The day began with incessant drizzle so we were forced to hunker down in the room and to wait it out. By the time the sun eventually came back out, too much time had passed for a trip to Doi Inthanon to be feasible, so we opted to ride around a 100km circuit, called the 'Samoeng Loop', instead in order to visit some of the attractions that the loop had to offer. I also figured that it was quite apt to loop around the mountain range that we had climbed just the day before.The mood had yet to pick up as we made our way up the street as the sky was still fairly overcast. As we passed Bamboo 99 guesthouse, however, we saw that two old workhorse scooters were being rented out for THB99 each. We decided to go for it, so took some photos of the bike exterior just for documentation before relinquishing our passports and signing the required request forms. The tanks were full which enabled us to head straight out of town. The traffic was very heavy and it remained that way for the entire journey northward. Moments before, we had encountered a roadblock that funneled us to the side of the road and we were approached by traffic police officers that pestered us for our international driving licenses. Unable to produce any, they began to threaten to bring us to the police station so that they could make a police report. But before they did that however, they gave us an 'alternative' and said that we could pay a THB500 'fine' instead and that they would let us carry on. Having surrendered my passport earlier to rent the scooter and knowing that the police could cause all sorts of trouble for foreigners, I decided to temporarily forego my principles and to just pay the officer.I had been keeping an eye of the (free) offline GPS app, Maps.me, but the turnoff still seemed to appear much sooner than I had expected.The much calmer roads that made their way uphill were certainly more than welcome as I had been very eager to get out of the heavy traffic. We reached Mae Sa Waterfall after approximately 5 kilometres from the junction, and paid the THB100 park entrance fee and the THB10 motorbike fee [ It has since been increased to THB20 ]. We decided to ride up past the first two parking areas since the third was much closer to the waterfall and ended up parking fairly close to one of the stalls. I also made sure to purchase some snacks (THB50) to keep the stall owner happy but mainly to increase the chance of her watching over the motorbikes. The steps that lead up to the higher tiers of the waterfallThe hike up and past the 10 tiers of the waterfall was basically for waterfall-watching, as the tiers were just viewpoints. The flow of the water was quite fast since it had rained earlier, but under better conditions, certain wider and shallower sections (at riffles for instance) would definitely be swimmable. The hike itself was very easy and was timed quite well as the dense canopy overhead protected us from the searing midday sun. The different 'personalities' of the levels of the waterfall almost seemed to be showcased as we continued on and passed by each tier of the waterfall. 'Namtok Mae Sa', top of tier 4 (Wang Sam Muen) Common imperial Butterfly (Cheritra freja), with its long and very conspicuous tails on its hindwings We realised rather quickly that this area was a haven for arachnids--they were ubiquitous! Spider webs were strewn about everywhere and the foliage on the sides of the trail were absolutely pockmarked with them. We had to remain attentive and vigilant in order to ensure that we did not walk into any of them. Most of these webs belonged to the very common Tessellated Orchard Spider (Leucauge tessellata), which is a small riparian orb weaver. Spiders of the Leucauge genus are fairly easy to identify as they have characteristic sensory hairs on the front of the fourth legs that are quite conspicuous. A Tessellated Orchard Spider (Leucauge tessellata) and its webOccasionally we would come across large webs that were hung fairly low to the ground, that had overlapping strands of silk zig-zagging in the upper and lower the corners. These zig-zagging patterns are called 'stabilimenta', and are thought to both attract prey to the web, as well as strengthen the web when larger animals make contact with it. Most often than not, these webs would also have a large spider in the middle that has its legs aligned in the position of an 'X', pointing towards these four corners. The spider in question is called the St. Andrew's Cross Spider (Argiope versicolor), the X-shaped cross of St. Andrew giving it its name.We were fortunate enough to catch one of these spiders hunting. A grasshopper had jumped right into the web and within seconds was snatched up by the spider. The spider quickly threw out swathes of silk to immobilise it and then held it with its third set of legs whilst rotating it rapidly, tightening the binding in the process. Everything happened fairly quickly and was over within seconds. As we approached, the spider began to bob up and down rapidly on its web. It does this when threatened as the vigorous shaking of the web and its stabilimenta is thought to confuse the attacker as the spider and its web then become a blur of white. The image on the left shows a St. Andrew's Cross Spider (Argiope versicolor) and its web.Two of the web stabilimenta can be seen in the top right and the lower left of the imageThe green lynx spider (Peucetia viridans) on the other hand, does not weave a web in order to catch its prey, but instead waits in vegetation and ambushes unsuspecting prey. They are so fast and dexterous that they are even able to snatch insects out of the air as they fly by. They do still spin silk however, but use it as an anchor or a dragline instead as they jump from leaf to leaf. These spiders also have two 'appendages' that look like shorter legs at the front that are called 'pedipalps', and their function is to detect scents in the air. green lynx spider (Peucetia viridans) with defensive posturing We continued on after we had our fill of the waterfall, but decided to skip all the animal attractions that lay just after (snake farm, elephant camp, and monkey world) as the cruelty that non-domesticated animals face in these kinds of attractions is just not something that we endorse. We made our way along the windy road instead, constantly bracing ourselves each and every time a truck passed at high speed as the wind from them rocked our motorbikes. We also gave wide berths each time we encountered a bend in an attempt to avoid the precarious, loose gravel that tends to accumulate at the outsides of curves. Eventually, hunger pangs began to hit, so we stopped by a restaurant and decided to split the costs of two dishes between the four of us (THB90 per person). Since we had been on the road for a while, we decided to take our time and enjoy the plush seats, air-conditioning and wi-fi.Well fed and eager to continue on, we continued along the windy road. The weather seemed quite capricious, throwing a little bit of everything at us--intermittent rain and drizzle, beams of sunlight piercing through the cloud-cover, and sudden and unpredictable mist. The change was so sudden that when the bright sunlight hit the road, dazzling beams would reflect back at us off the rain-soaked roads. Soon after, we encountered a sign that stated 'Samoeng Forest'. There was no forest though, just a viewpoint along the road that overlooked one. The forest-filled valley down below was made so much more dramatic by the heavy clouds that quickly rolled on by, clouds that would stay with us for the rest of the trip. Rays of sunlight would occasionally manage to find gaps in the clouds to periodically light up the saddles and valley, producing a shifting spectacle that showcased the power of the elements. Overlooking Samoeng Forest We were forced to continue on to make the most of the dwindling sunlight, but decided to make a quick detour towards the town of Samoeng to visit the Mae Sap Cave before heading back to Chiang Mai. We turned off the road and onto a dirt path that lead straight down to a wooden structure. The structure itself seemed to be unoccupied except for a dog and her two puppies. There didn't seem to be any box or anything for fees of any sort so we just parked our motorbikes at the side and began walking up to the cave. The cave was quite impressive, not in size but in its 'atmosphere' and authenticity. Too many caves nowadays are festooned with artificial lights, rendering them ostentatious and somewhat gaudy. This one however was still in its natural state except for the introduced plants and statues that decorated the entrance. The statues and 'garden' at the cave entranceWe had a quick look at the smaller cave that had Buddha statues inside its small cavern before walking up to the statue at the entrance of the main cave. There was a myriad of plants that lined the cave entrance behind the statue that were obviously planted there by somebody and plenty of light from a huge sinkhole just above that lit up the main cavern.As we continued to explore the cave system, we found another section of the cave that was linked up from behind. Bats (Order : Chiroptera) were ubiquitous here, so we quietened down and took extra care to not disturb them. The limestone pillars and the cave draperies and flowstones that extruded from the walls kept us fascinated. I am always in awe at the amazing shapes that the deposits of calcite form and some of the huge masses that are suspended from the ceilings almost seem to defy gravity.There was a ladder that lead to an upper platform and an opening that lay just after that brought us back outside and behind the cave. There was not much daylight left by that point so we hopped back onto our motorbikes and made our way back to the junction that brought us back onto the Samoeng Loop. This time we turned right and began to head straight back to Chiang Mai. Darkness descended down upon us fairly quickly and with it came all the flying insects. As you can imagine, this wasn't a good thing considering that our helmets had no visors!*Dinner that night cost THB90 and the total cost for petrol for the journey was THB100.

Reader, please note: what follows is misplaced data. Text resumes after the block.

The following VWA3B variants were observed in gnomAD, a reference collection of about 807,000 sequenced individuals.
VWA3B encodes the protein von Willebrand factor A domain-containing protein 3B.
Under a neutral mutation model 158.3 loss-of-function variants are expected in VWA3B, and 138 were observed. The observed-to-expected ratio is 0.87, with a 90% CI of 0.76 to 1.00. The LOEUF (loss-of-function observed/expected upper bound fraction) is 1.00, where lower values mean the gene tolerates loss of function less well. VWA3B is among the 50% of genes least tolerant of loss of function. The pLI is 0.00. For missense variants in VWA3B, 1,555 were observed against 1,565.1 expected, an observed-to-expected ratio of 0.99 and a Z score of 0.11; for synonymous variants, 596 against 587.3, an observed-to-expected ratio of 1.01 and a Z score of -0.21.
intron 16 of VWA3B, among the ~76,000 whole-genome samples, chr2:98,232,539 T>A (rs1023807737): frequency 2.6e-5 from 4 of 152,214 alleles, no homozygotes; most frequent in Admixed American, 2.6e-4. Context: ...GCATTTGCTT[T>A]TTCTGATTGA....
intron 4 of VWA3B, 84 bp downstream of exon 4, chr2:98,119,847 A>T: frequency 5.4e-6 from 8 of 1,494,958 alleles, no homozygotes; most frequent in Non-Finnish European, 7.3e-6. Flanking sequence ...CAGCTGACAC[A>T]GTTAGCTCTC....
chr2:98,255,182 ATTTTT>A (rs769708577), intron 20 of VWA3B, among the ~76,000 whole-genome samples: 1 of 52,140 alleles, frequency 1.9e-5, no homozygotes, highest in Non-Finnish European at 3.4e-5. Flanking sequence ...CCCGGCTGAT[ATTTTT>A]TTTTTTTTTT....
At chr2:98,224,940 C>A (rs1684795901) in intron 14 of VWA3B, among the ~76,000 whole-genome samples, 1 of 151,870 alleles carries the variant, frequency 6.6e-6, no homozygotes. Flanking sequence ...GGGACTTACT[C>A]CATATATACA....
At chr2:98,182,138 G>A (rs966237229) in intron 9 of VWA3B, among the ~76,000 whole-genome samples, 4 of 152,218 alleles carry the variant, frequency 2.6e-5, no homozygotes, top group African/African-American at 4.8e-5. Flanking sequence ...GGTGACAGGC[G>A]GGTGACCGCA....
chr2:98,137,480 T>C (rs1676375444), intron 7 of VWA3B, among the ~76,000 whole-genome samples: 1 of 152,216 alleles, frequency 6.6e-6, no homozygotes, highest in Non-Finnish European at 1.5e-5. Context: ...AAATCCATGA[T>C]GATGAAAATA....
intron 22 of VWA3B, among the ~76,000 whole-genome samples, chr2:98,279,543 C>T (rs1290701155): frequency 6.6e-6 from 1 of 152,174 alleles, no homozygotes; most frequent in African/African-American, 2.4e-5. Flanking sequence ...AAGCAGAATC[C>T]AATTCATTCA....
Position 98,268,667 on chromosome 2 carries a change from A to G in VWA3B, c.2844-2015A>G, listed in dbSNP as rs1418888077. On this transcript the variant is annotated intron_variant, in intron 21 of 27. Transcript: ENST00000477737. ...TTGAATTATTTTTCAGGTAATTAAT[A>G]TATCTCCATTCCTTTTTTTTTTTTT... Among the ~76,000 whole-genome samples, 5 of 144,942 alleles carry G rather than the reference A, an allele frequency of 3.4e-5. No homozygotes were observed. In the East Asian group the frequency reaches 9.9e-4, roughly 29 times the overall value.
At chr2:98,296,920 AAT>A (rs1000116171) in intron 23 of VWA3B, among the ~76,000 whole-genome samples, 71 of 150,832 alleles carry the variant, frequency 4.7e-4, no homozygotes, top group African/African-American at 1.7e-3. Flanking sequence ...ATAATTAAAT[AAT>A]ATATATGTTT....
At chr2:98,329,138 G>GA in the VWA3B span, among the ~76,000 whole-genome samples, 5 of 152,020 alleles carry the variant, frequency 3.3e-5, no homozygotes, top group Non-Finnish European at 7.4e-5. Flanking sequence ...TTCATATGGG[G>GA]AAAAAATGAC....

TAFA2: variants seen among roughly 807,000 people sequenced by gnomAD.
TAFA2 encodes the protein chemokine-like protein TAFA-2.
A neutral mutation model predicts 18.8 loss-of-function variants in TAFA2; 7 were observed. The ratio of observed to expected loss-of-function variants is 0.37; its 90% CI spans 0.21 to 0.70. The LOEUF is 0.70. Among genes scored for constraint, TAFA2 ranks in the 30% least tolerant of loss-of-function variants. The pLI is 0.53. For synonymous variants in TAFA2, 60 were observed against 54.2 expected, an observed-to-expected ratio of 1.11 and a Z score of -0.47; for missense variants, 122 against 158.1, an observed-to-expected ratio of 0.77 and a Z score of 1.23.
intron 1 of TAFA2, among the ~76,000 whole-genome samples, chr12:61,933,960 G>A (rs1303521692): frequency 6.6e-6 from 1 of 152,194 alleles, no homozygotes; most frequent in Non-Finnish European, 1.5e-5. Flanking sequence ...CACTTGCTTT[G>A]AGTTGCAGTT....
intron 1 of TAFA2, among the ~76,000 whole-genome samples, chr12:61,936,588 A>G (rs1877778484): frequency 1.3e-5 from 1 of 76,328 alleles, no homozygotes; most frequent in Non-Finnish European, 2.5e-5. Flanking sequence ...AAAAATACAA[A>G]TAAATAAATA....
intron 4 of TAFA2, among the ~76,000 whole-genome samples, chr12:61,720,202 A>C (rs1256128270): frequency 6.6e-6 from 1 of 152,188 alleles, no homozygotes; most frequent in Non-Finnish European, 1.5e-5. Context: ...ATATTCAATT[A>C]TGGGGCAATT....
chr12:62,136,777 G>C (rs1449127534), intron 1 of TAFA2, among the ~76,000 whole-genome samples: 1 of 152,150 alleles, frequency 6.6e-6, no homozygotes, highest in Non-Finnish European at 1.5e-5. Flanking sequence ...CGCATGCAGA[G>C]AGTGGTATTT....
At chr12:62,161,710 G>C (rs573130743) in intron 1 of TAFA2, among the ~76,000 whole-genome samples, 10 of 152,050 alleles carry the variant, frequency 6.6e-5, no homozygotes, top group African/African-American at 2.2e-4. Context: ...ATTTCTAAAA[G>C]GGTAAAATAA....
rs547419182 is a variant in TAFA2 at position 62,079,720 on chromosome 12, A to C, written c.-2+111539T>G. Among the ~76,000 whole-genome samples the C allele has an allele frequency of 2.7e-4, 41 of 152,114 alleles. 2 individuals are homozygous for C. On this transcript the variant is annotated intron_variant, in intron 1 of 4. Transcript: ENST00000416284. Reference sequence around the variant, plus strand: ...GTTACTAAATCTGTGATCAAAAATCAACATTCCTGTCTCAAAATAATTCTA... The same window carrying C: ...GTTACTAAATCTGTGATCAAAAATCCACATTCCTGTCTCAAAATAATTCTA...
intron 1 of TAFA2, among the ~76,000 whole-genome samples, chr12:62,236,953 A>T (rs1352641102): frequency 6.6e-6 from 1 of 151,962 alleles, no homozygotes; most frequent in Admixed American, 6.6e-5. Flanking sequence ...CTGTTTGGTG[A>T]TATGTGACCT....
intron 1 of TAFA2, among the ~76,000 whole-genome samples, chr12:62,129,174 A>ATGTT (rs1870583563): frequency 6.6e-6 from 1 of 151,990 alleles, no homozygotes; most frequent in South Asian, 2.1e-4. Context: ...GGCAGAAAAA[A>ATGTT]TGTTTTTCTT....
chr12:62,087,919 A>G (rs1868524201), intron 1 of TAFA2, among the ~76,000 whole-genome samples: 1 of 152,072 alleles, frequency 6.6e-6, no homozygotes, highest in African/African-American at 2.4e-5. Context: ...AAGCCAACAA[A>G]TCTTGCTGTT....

September 16, 2016 Posted by Ramon Fadli in Budget, Chiang Mai, Dry Broadleaf Forests, Forests, Mountains, Sunrise & Sunset, Thailand, Tropical Savanna, Waterfalls